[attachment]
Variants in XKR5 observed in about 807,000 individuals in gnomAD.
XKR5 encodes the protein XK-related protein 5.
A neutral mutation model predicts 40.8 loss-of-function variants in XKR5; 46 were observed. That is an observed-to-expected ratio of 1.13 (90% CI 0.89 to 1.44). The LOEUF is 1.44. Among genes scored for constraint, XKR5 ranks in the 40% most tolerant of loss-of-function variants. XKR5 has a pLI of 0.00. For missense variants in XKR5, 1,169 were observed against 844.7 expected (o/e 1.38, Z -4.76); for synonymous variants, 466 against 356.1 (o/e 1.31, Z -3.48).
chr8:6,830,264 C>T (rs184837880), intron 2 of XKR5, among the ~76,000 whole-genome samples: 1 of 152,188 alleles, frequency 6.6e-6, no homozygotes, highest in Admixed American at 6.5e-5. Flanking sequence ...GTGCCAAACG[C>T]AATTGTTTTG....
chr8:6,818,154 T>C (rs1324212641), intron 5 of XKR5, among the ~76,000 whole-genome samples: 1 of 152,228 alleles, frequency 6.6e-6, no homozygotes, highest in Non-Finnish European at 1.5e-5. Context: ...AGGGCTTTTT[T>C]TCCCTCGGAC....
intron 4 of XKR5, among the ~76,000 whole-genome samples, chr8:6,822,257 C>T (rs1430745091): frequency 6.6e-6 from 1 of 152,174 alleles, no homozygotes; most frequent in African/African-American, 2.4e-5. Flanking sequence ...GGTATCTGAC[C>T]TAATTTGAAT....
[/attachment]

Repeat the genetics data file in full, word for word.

Variants in XKR5 observed in about 807,000 individuals in gnomAD.
XKR5 encodes the protein XK-related protein 5.
A neutral mutation model predicts 40.8 loss-of-function variants in XKR5; 46 were observed. That is an observed-to-expected ratio of 1.13 (90% CI 0.89 to 1.44). The LOEUF is 1.44. Among genes scored for constraint, XKR5 ranks in the 40% most tolerant of loss-of-function variants. XKR5 has a pLI of 0.00. For missense variants in XKR5, 1,169 were observed against 844.7 expected (o/e 1.38, Z -4.76); for synonymous variants, 466 against 356.1 (o/e 1.31, Z -3.48).
chr8:6,830,264 C>T (rs184837880), intron 2 of XKR5, among the ~76,000 whole-genome samples: 1 of 152,188 alleles, frequency 6.6e-6, no homozygotes, highest in Admixed American at 6.5e-5. Flanking sequence ...GTGCCAAACG[C>T]AATTGTTTTG....
chr8:6,818,154 T>C (rs1324212641), intron 5 of XKR5, among the ~76,000 whole-genome samples: 1 of 152,228 alleles, frequency 6.6e-6, no homozygotes, highest in Non-Finnish European at 1.5e-5. Context: ...AGGGCTTTTT[T>C]TCCCTCGGAC....
intron 4 of XKR5, among the ~76,000 whole-genome samples, chr8:6,822,257 C>T (rs1430745091): frequency 6.6e-6 from 1 of 152,174 alleles, no homozygotes; most frequent in African/African-American, 2.4e-5. Flanking sequence ...GGTATCTGAC[C>T]TAATTTGAAT....